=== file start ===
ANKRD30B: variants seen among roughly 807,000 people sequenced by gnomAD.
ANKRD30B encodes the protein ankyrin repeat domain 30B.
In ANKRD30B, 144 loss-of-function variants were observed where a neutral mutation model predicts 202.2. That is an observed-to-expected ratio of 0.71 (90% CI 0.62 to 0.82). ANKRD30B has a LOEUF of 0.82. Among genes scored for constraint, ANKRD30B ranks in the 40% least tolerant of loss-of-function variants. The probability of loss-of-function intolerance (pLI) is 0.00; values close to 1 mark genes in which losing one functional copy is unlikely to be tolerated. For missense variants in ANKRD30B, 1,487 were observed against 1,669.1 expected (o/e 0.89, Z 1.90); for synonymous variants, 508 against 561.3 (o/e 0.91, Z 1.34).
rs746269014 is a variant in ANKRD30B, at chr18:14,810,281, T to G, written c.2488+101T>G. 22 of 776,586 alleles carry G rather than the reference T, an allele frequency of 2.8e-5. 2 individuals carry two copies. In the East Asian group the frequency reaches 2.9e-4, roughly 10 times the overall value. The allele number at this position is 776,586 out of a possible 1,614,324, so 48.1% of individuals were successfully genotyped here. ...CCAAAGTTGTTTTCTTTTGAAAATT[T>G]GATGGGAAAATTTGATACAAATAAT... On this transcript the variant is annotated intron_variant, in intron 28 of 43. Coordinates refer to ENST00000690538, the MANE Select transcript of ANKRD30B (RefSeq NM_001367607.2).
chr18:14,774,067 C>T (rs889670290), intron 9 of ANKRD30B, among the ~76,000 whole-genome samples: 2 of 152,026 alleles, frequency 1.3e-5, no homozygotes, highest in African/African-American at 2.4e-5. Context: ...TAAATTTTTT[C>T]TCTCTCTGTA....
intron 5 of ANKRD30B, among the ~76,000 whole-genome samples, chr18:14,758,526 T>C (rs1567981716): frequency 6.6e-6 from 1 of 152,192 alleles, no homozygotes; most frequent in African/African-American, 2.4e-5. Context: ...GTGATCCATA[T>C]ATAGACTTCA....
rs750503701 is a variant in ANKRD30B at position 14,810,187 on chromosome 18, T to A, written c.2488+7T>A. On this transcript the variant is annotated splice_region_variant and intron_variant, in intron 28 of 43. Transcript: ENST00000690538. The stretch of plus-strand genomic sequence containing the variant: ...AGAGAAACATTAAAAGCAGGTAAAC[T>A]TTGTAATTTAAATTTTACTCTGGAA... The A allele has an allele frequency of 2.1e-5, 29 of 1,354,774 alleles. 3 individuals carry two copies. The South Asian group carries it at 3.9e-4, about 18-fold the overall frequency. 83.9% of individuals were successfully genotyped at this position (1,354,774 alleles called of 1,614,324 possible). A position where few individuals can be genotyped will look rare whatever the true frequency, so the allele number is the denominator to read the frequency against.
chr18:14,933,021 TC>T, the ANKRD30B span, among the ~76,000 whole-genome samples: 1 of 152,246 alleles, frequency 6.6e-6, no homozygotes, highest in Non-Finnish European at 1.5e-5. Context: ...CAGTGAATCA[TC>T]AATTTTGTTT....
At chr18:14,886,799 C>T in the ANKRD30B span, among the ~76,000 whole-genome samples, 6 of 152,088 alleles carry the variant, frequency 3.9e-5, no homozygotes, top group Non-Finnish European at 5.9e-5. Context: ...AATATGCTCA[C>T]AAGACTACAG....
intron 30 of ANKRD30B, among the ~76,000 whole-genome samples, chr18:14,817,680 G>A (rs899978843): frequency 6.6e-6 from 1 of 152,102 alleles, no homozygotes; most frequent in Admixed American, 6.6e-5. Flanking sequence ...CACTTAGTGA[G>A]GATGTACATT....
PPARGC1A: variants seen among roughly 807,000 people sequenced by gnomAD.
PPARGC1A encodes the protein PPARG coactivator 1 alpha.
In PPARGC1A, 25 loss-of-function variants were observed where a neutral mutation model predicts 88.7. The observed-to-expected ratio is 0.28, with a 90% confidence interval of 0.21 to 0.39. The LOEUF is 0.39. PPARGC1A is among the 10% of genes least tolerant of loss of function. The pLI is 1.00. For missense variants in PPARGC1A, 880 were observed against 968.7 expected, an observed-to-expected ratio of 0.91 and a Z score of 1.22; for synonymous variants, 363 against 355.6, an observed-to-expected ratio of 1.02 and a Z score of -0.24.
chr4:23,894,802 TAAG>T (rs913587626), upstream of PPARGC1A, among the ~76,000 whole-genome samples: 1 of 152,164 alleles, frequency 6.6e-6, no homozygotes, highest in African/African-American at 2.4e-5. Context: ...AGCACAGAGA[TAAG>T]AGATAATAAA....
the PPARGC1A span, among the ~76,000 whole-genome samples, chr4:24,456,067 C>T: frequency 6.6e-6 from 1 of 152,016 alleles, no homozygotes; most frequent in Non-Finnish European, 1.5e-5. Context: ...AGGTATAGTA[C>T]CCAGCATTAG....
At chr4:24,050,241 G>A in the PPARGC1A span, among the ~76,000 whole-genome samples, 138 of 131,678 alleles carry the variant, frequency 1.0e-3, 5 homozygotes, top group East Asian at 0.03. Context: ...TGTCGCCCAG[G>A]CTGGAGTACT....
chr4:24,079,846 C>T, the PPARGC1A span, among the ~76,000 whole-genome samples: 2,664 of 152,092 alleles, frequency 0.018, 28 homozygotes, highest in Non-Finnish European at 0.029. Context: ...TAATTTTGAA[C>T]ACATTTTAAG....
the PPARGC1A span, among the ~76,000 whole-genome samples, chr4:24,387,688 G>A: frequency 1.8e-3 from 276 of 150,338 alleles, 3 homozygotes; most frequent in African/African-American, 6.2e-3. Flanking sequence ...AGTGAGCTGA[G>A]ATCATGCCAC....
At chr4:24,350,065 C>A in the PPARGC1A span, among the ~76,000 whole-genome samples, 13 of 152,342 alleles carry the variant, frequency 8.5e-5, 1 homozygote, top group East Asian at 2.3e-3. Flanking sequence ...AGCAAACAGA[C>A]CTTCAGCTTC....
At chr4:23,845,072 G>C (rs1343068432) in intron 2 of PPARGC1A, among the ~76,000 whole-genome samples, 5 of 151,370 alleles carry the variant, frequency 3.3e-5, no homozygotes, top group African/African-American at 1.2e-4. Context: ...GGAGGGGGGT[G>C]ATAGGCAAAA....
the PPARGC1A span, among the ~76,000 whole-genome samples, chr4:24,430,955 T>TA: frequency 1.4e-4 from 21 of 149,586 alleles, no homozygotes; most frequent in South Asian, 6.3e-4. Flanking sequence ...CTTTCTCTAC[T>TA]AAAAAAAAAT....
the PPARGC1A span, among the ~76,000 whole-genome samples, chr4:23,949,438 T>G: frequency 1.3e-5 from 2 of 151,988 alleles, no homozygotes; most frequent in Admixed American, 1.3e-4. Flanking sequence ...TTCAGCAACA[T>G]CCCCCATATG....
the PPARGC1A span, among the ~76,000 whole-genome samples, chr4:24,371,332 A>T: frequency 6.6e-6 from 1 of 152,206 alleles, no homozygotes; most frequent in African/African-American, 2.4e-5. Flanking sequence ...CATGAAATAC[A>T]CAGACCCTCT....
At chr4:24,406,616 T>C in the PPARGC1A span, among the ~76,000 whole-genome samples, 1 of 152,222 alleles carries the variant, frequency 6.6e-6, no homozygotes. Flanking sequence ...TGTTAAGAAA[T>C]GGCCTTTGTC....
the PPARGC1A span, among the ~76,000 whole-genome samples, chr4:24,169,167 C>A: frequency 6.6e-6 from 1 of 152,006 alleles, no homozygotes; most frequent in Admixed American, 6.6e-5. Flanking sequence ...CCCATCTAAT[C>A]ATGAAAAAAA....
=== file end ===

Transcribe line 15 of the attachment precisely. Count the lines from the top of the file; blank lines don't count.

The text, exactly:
the PPARGC1A span, among the ~76,000 whole-genome samples, chr4:24,456,067 C>T: frequency 6.6e-6 from 1 of 152,016 alleles, no homozygotes; most frequent in Non-Finnish European, 1.5e-5. Context: ...AGGTATAGTA[C>T]CCAGCATTAG....